But after careful consideration, it’s clear that “open-source” piles more responsibilities on store owners. Namely, entrepreneurs need to look for a hosting provider, purchase a domain name, and hire professional staff offering reliable Magento development services to make specific business requirements a reality. All these points may become a burden on the company’s budget.

What is competition-based pricing analysis.

However, when choosing between a SaaS and an open-source platform with a vision into the future, the latter is preferable regarding customization flexibility. Magento’s open-source nature gives ample room for creating a website to your liking. Moreover, the platform supports multiple languages and stores from a single dashboard, making it extremely useful for growing businesses. 

Another thing worth mentioning is possible expenses on add-ons and themes. Some CMSs may be restricted to basic features. You may need to install various plugins for extra functionality, not all of which are free to download.

For the record, migrating from a current CMS to a new one is an arduous task that involves exporting all data, resources, and assets. Therefore, it’s necessary to select carefully right from the start.

2. SEO capabilities

SEO is indispensable for the success of an online store. It’s capable of generating traffic and getting your product pages to reach higher positions in search results. Look for a CMS with built-in SEO tools or the ability to integrate SEO extensions. Your eCommerce content management system should have optimization features in a few essential areas:

  • Page URLs. With Google processing millions of URLs, keeping them short and readable is important. Remove extra subfolders, and don’t forget to insert keywords to rank higher in search.

  • Metadata refers to the information that shows up in search results, including title tags, meta descriptions, and header tags. A good CMS should allow users to customize title tags and generate compelling meta descriptions with relevant keywords to encourage viewers to click through to your site.

  • Speed. Visitors will likely drop off if it takes too long for a web page to load. Choosing a quick hosting provider and a CMS with speed optimization features is the right step towards boosting online presence. 

3. Security

Data security is non-negotiable for online stores. With a growing number of cyber threats like spamming, malware, phishing, identity theft, and DDoS attacks, eCommerce entrepreneurs should implement advanced security measures to prevent customer data breaches.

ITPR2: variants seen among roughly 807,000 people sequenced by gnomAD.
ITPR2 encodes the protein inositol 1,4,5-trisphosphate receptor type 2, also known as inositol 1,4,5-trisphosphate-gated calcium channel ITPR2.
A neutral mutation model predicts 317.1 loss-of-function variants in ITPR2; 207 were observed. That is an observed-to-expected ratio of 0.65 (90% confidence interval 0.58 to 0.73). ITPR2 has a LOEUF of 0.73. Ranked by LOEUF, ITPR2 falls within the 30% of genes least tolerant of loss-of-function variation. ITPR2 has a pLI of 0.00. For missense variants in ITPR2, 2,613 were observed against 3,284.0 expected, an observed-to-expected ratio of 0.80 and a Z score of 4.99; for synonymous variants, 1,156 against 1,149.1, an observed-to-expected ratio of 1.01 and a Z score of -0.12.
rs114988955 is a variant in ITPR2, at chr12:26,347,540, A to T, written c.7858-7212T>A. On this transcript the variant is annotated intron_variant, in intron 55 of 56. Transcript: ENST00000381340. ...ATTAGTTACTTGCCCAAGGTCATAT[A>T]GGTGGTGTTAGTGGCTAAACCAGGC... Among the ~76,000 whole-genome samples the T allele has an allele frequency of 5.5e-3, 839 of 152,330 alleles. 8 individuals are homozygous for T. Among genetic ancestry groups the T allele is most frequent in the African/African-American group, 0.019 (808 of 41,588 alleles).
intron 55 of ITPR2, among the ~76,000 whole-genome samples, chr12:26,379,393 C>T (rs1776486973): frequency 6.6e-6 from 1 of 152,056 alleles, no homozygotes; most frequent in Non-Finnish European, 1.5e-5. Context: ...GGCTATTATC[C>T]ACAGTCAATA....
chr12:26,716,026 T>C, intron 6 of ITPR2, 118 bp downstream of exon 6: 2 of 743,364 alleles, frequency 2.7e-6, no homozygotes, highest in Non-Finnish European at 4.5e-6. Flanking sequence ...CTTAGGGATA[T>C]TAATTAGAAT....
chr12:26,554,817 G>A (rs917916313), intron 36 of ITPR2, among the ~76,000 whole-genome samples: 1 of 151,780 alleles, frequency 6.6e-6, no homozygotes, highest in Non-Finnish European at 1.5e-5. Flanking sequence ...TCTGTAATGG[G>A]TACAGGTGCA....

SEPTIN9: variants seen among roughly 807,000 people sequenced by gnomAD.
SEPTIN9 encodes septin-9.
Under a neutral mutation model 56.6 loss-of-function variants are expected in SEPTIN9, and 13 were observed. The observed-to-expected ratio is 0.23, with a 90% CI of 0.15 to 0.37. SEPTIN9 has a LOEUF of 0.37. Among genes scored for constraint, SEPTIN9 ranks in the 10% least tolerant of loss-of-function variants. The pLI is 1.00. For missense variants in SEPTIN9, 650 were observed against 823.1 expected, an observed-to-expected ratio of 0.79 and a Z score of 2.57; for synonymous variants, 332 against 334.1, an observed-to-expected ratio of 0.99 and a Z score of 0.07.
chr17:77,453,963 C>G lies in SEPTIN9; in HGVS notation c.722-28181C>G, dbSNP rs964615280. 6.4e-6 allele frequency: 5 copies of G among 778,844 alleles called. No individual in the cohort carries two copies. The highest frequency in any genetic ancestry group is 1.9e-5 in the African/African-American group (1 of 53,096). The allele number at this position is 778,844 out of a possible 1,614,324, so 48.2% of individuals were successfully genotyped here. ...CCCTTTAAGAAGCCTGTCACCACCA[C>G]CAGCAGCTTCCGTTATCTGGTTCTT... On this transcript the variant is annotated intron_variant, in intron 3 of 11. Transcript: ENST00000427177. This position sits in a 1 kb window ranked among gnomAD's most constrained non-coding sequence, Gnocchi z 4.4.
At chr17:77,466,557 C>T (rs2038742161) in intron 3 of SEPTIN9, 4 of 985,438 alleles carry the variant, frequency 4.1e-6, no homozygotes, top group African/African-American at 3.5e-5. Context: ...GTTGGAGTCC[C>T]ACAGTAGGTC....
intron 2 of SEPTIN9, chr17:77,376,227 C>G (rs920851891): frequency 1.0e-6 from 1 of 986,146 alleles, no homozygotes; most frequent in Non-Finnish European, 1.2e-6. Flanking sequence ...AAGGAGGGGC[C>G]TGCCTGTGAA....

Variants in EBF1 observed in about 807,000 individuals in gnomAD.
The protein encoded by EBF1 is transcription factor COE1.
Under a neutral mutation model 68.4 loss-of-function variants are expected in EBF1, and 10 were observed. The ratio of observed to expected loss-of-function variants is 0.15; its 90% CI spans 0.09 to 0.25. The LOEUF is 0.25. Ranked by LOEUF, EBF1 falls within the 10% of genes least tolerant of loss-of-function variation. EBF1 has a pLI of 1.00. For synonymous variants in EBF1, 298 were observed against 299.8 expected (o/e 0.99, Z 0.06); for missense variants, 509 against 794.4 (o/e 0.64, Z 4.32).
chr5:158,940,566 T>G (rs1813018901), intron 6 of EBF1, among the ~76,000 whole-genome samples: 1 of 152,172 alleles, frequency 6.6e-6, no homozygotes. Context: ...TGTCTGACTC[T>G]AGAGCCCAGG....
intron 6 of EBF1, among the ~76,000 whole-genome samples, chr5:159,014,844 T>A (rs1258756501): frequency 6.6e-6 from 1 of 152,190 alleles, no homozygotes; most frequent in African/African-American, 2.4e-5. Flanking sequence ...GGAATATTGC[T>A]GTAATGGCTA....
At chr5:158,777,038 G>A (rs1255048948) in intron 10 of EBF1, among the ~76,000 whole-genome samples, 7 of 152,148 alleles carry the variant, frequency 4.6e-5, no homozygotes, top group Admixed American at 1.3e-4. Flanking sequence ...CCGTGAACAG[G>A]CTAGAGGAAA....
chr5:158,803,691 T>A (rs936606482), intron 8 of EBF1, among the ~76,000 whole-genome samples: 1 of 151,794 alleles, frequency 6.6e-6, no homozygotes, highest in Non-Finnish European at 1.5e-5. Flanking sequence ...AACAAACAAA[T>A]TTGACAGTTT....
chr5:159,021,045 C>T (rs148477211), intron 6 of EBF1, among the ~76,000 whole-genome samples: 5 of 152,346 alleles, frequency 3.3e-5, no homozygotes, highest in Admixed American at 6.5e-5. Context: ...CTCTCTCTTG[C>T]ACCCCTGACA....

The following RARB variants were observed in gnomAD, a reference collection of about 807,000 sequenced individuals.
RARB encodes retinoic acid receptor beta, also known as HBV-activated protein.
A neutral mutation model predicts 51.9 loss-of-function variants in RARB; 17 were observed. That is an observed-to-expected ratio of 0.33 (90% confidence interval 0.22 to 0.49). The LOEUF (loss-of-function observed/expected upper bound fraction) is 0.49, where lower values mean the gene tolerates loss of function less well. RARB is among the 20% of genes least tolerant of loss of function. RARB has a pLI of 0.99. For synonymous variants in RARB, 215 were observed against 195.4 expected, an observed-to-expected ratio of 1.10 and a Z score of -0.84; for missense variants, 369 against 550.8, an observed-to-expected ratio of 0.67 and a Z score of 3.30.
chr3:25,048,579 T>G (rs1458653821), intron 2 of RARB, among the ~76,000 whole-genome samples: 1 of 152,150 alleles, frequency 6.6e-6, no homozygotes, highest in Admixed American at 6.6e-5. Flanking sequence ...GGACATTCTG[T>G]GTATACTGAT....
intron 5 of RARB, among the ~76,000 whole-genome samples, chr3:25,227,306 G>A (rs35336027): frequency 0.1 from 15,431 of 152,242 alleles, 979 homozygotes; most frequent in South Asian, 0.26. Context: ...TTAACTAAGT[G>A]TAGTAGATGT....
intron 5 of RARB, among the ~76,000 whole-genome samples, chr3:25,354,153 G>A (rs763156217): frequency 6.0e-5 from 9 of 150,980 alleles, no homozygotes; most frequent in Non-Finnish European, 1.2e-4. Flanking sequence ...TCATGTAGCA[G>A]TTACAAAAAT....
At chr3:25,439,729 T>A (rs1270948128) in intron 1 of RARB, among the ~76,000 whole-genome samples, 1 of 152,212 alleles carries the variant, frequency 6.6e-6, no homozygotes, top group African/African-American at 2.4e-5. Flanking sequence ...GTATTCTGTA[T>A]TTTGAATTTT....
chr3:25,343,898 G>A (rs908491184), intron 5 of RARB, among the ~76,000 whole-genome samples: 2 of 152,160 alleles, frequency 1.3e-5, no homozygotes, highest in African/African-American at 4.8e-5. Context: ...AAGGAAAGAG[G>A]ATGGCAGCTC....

When choosing a CMS, ensure it complies with security standards and supports HTTPS/SSL encryption for safer checkout. A good platform should support two-factor authentication for admin accounts, showcase trust badges on the site, and provide firewalls to thwart unauthorized access and curb cyberattacks. Verify if the chosen CMS receives patches and updates regularly to keep up with changing malicious tactics.

SSL certificate

PCI compliance is another significant safety measure. Shopify's merchants can rest easy because the platform ensures this feature across all its stores. In contrast, the Magento Open Source version lays the burden of managing PCI compliance on the store owners.

4. Mobile-friendliness

According to Statista, mobile devices comprise 60% of all eCommerce sales. It goes without saying that online retailers should adopt a mobile-first approach if they want to expand their client base and increase revenue.

When deciding on a CMS, make sure it supports responsive design so an eCommerce site delivers immaculate UX for mobile users and allows smooth content editing and page management. 

5. Integrations

Modern CMSs can easily extend their functionality and provide store teams with enhanced features by integrating with third-party tools via APIs. However, not all systems have the same degree of API support

For instance, platforms prioritizing ease of use and simplicity over broad customization features offer limited API capabilities. These solutions (Squarespace, for example) mainly cater to users with low technical expertise or insufficient resources to manage complex integrations.

Established CMS platforms like Shopify, Magento, or WooCommerce boast an architecture that allows seamless integration with other systems. A high degree of API flexibility makes them compatible with plenty of third-party platforms and plugins, including CRM systems, email marketing software, payment gateways, and more.

6. Scalability and flexibility

Hopefully, your business will expand over time. Therefore, it makes sense to pick a CMS that can easily accommodate growing traffic and orders. Consider also traffic surges during peak seasons like holidays or grand sales. The CMS should be prepared to deal with fluctuations and adjust to increasing demands.